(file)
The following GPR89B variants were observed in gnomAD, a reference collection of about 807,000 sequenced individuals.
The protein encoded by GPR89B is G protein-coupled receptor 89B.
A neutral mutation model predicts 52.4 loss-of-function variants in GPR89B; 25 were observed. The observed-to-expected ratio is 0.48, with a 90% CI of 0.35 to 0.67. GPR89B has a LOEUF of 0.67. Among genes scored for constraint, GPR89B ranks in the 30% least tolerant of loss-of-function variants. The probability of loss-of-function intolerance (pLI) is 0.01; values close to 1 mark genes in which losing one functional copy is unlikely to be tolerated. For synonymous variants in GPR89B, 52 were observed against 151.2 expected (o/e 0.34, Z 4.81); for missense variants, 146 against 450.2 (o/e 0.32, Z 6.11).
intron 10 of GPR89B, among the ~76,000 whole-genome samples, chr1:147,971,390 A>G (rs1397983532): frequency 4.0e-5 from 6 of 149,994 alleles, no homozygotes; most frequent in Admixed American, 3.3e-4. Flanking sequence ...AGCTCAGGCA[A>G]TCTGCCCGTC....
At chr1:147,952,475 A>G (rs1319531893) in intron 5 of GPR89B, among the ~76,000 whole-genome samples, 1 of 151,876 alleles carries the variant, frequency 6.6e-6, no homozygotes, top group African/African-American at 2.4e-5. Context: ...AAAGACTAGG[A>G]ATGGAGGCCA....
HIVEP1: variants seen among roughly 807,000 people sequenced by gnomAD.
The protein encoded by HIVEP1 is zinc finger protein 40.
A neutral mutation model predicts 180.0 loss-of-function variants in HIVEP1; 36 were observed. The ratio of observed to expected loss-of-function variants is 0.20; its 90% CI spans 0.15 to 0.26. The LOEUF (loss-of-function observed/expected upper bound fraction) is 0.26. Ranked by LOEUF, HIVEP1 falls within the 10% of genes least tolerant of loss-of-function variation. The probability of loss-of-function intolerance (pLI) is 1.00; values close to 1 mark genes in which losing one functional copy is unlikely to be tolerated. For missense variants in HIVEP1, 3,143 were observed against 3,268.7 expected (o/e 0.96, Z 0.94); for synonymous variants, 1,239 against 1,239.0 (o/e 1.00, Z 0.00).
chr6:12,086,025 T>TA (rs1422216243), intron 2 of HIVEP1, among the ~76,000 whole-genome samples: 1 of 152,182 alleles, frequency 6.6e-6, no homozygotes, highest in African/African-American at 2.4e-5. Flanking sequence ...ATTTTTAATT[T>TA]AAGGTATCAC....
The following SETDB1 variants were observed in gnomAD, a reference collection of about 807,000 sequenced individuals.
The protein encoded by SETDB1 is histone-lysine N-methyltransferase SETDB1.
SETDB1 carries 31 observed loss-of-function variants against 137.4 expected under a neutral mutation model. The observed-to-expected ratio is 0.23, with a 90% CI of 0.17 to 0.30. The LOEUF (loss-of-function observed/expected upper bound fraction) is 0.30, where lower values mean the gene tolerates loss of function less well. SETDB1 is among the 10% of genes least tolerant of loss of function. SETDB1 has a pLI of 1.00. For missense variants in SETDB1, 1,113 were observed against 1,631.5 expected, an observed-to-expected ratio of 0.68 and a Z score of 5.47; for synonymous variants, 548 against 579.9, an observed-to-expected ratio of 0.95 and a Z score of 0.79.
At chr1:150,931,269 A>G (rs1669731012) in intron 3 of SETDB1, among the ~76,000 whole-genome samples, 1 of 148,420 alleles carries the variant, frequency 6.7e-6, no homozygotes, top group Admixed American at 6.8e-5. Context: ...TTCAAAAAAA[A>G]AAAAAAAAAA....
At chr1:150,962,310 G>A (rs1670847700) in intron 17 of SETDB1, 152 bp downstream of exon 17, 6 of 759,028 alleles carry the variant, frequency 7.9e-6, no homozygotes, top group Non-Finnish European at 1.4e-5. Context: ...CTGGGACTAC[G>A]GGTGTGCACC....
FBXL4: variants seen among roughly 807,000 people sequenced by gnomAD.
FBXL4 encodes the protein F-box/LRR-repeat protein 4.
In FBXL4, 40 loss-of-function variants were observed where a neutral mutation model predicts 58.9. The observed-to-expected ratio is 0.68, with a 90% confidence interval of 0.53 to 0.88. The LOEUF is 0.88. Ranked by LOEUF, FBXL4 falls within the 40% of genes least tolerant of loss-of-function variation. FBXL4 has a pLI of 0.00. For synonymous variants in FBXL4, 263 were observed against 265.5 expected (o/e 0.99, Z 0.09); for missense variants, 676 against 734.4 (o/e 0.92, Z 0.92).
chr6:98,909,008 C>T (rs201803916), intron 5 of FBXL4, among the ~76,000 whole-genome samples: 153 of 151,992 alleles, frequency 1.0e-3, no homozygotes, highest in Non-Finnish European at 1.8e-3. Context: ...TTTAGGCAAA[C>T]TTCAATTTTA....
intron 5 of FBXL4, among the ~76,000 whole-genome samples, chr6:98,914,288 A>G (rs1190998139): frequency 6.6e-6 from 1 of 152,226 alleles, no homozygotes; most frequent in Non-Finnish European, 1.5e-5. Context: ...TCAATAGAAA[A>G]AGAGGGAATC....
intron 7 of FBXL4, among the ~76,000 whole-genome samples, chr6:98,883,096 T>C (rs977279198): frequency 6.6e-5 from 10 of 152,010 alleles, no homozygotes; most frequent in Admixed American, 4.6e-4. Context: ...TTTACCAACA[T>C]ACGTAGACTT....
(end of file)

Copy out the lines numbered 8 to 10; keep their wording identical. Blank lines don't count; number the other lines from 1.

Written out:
A neutral mutation model predicts 180.0 loss-of-function variants in HIVEP1; 36 were observed. The ratio of observed to expected loss-of-function variants is 0.20; its 90% CI spans 0.15 to 0.26. The LOEUF (loss-of-function observed/expected upper bound fraction) is 0.26. Ranked by LOEUF, HIVEP1 falls within the 10% of genes least tolerant of loss-of-function variation. The probability of loss-of-function intolerance (pLI) is 1.00; values close to 1 mark genes in which losing one functional copy is unlikely to be tolerated. For missense variants in HIVEP1, 3,143 were observed against 3,268.7 expected (o/e 0.96, Z 0.94); for synonymous variants, 1,239 against 1,239.0 (o/e 1.00, Z 0.00).
chr6:12,086,025 T>TA (rs1422216243), intron 2 of HIVEP1, among the ~76,000 whole-genome samples: 1 of 152,182 alleles, frequency 6.6e-6, no homozygotes, highest in African/African-American at 2.4e-5. Flanking sequence ...ATTTTTAATT[T>TA]AAGGTATCAC....
The following SETDB1 variants were observed in gnomAD, a reference collection of about 807,000 sequenced individuals.